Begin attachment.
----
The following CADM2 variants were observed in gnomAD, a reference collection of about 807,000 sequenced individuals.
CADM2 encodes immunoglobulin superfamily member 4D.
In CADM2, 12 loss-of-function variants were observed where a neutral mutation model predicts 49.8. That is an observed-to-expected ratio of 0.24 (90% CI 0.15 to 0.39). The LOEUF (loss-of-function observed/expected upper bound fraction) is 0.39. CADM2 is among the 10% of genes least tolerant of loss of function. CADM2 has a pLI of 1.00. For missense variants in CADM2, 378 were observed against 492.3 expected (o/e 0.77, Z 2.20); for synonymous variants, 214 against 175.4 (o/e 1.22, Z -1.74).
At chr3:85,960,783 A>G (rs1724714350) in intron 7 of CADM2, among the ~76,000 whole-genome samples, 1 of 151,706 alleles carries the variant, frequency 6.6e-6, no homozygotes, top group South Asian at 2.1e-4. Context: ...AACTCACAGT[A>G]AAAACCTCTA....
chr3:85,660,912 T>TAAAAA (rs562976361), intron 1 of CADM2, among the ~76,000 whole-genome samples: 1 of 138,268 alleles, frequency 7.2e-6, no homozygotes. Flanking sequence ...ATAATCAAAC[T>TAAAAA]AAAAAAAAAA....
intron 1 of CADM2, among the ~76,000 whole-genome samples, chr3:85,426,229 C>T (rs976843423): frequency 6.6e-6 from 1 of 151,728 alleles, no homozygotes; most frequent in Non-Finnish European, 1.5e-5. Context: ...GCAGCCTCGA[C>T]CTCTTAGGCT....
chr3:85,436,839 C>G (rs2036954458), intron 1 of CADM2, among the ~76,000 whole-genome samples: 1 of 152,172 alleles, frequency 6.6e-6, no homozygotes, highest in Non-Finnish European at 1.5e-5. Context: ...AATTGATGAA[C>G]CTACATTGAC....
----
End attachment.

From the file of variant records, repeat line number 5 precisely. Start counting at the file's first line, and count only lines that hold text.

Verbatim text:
chr3:85,660,912 T>TAAAAA (rs562976361), intron 1 of CADM2, among the ~76,000 whole-genome samples: 1 of 138,268 alleles, frequency 7.2e-6, no homozygotes. Flanking sequence ...ATAATCAAAC[T>TAAAAA]AAAAAAAAAA....